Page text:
It has also defined further what it constitutes as “essential travel”, including for work and health reasons.
The Republic of Ireland has imposed a temporary travel ban on Great Britain, but will not introduce controls on the border with Northern Ireland.
International travellers arriving in Northern Ireland must also produce evidence of a negative Covid-19 test.
This rule is also in place in the Republic of Ireland, and extends to passengers from Great Britain.
What about going to work?
The executive says it is still urging people to “work from home and stay at home”, and only go to their workplace if they cannot work from home.
How are shops affected?
Non-essential retail has not been allowed to open since 26 December.
Click-and-collect is permitted for some of those businesses including clothing and footwear, baby equipment and electrical goods shops.
From 1 April, garden centres and plant nurseries will be allowed to restart click-and-collect, and from 12 April, the executive says this will be relaxed further to include all remaining non-essential retail.
Retail and services permitted to remain open during the lockdown include:
- Food retailers, supermarkets, convenience stores, corner shops, newsagents
- Off licences and breweries
- Pharmacies (including non-dispensing pharmacies)
- Building supplies businesses and hardware stores
- Petrol stations
- Pet shops, agricultural supplies shops, livestock markets, veterinary surgeons
- Motor vehicle repair, MOT services, bicycle shops, taxi or vehicle hire businesses
- Banks, building societies, credit unions, short-term loan providers and cash points, savings clubs and undertakings which by way of business operate currency exchange offices, transmit money (or any representation of money) by any means, or cash cheques which are made payable to customers, and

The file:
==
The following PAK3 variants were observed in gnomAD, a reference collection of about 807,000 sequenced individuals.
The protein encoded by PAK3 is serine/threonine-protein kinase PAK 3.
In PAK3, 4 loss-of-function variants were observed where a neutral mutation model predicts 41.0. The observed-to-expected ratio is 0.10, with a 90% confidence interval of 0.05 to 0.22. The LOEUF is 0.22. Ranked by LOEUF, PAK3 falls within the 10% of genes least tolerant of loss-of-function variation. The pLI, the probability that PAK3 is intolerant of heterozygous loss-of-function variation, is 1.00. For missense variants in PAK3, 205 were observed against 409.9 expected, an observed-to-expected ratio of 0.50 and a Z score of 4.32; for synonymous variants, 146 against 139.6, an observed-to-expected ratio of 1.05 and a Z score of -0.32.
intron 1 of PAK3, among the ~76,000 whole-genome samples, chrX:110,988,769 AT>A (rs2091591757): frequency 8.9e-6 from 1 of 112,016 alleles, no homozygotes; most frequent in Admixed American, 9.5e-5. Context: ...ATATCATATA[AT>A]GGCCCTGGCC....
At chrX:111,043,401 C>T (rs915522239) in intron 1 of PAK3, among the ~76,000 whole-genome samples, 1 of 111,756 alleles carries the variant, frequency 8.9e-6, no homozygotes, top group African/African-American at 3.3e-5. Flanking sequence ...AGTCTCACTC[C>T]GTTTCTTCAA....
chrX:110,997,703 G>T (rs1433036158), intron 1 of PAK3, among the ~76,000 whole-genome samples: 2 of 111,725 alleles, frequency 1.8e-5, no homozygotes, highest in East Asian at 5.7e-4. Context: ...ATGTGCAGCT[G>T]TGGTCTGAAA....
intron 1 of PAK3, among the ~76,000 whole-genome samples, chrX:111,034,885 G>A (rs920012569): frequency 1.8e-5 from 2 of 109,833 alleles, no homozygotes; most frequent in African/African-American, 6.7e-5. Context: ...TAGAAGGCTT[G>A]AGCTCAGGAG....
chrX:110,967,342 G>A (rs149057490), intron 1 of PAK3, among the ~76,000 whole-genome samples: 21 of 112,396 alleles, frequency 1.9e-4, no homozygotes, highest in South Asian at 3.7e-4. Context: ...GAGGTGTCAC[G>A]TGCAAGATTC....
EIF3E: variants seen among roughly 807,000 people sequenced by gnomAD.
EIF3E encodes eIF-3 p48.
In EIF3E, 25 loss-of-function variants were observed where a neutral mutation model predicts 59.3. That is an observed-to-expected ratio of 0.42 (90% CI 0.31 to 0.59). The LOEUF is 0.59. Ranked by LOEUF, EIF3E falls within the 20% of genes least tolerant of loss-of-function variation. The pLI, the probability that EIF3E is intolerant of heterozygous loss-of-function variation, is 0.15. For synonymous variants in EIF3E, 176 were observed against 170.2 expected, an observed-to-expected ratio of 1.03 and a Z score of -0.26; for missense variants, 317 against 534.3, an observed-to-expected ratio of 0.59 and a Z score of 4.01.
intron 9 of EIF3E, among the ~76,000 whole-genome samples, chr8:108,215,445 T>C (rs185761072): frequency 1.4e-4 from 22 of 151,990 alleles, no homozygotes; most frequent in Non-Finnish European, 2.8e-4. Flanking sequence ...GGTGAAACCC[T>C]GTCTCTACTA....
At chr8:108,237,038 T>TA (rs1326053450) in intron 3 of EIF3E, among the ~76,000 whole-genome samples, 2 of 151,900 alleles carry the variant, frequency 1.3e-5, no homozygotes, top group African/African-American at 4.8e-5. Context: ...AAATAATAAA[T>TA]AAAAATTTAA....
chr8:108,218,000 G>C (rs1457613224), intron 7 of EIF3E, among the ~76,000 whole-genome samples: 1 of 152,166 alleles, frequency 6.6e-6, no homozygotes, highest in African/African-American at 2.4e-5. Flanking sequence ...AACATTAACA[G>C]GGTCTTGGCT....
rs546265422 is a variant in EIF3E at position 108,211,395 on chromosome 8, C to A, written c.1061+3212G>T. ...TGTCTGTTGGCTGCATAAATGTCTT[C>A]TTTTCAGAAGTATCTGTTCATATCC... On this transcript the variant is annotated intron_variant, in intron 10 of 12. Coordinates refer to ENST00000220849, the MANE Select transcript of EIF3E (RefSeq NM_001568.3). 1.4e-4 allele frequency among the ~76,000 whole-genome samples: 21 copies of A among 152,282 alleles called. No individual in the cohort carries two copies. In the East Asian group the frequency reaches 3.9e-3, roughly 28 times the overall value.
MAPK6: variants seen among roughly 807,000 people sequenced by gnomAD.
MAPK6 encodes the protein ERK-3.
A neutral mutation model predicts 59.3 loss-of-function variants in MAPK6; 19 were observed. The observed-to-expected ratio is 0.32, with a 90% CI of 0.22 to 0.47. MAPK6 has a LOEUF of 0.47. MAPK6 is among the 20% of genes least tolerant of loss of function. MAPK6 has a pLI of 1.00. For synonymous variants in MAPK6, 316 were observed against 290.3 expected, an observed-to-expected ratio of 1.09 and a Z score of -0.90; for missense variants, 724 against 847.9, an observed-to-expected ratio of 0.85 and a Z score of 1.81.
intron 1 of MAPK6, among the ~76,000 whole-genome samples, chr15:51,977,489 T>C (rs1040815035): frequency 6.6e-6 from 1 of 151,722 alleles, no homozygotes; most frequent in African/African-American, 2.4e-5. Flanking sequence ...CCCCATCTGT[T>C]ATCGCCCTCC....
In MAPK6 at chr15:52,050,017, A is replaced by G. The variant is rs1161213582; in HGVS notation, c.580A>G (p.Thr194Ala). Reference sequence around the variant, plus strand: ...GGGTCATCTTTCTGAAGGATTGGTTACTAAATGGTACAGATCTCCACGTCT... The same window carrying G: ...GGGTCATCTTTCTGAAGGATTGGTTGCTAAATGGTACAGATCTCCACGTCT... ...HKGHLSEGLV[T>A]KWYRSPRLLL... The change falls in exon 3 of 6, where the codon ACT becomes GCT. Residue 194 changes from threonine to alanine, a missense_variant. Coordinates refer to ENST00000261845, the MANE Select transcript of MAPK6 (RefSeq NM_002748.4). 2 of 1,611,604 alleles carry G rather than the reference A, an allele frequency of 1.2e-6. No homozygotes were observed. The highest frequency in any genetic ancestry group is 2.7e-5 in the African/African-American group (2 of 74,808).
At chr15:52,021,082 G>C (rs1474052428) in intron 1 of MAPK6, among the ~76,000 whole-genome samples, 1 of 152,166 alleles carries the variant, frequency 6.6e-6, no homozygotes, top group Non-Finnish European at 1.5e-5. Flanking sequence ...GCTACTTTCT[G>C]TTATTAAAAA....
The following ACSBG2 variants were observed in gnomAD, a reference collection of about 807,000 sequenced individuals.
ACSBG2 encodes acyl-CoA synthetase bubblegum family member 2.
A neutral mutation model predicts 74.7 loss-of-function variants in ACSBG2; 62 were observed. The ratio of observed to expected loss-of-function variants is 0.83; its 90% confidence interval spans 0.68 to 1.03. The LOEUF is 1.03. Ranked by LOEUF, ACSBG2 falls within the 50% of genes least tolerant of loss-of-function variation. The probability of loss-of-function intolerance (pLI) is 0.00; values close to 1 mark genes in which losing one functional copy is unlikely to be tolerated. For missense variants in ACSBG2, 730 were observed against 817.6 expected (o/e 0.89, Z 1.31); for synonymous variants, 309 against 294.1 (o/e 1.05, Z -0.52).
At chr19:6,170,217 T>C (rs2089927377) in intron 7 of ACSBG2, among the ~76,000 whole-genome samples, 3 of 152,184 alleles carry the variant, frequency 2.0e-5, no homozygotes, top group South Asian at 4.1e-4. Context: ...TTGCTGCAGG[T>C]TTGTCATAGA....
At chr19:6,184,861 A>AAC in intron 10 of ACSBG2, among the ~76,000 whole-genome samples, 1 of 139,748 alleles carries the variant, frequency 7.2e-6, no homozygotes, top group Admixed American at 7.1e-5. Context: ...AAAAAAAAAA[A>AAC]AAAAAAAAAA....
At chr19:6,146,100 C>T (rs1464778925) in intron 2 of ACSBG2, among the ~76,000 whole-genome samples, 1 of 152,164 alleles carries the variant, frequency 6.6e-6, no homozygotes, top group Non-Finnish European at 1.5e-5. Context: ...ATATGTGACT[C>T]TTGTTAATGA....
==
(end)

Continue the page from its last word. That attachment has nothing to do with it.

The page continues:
- Post offices
- Laundrettes and dry cleaners
- Storage and distribution facilities for delivery and drop off
Funeral homes, dentists, opticians, audiology services, chiropody, chiropractors, osteopaths can remain open, as will services relating to mental health.
Professional services including solicitors can continue to operate as normal, as can those in the manufacturing and construction industry.
Close-contact services such as hair and beauty salons are not allowed to operate, however, close contact for film and TV production can continue.
Other close contact services supporting medical, health or social care – including sports massage therapy – can also stay open.
Hospitality is only allowed to offer takeaway and delivery services, while food and drink in motorway services, airports and harbour terminals remain open. The use of outdoor seating is not permitted either on the premises or adjacent to them.
Off-licences (including from bars) are permitted from 08:00 on Monday to Saturday, and from 10:00 on Sunday, until 20:00 on any day.
Can people come into my house?
Only in the most limited of circumstances, which include:
- Caring responsibilities including childcare
- Essential maintenance
- Supported living arrangements
- Visits required for legal or medical purposes
- Wedding ceremonies where one partner is terminally ill
The executive says support bubbles already formed by some households will also continue to apply.
These were announced several months ago, with the aim of helping people who have been cut off from friends and family.
Two households can form a support bubble but they are limited to a maximum of 10 people, including children, at any one time.
Can I stay in a hotel?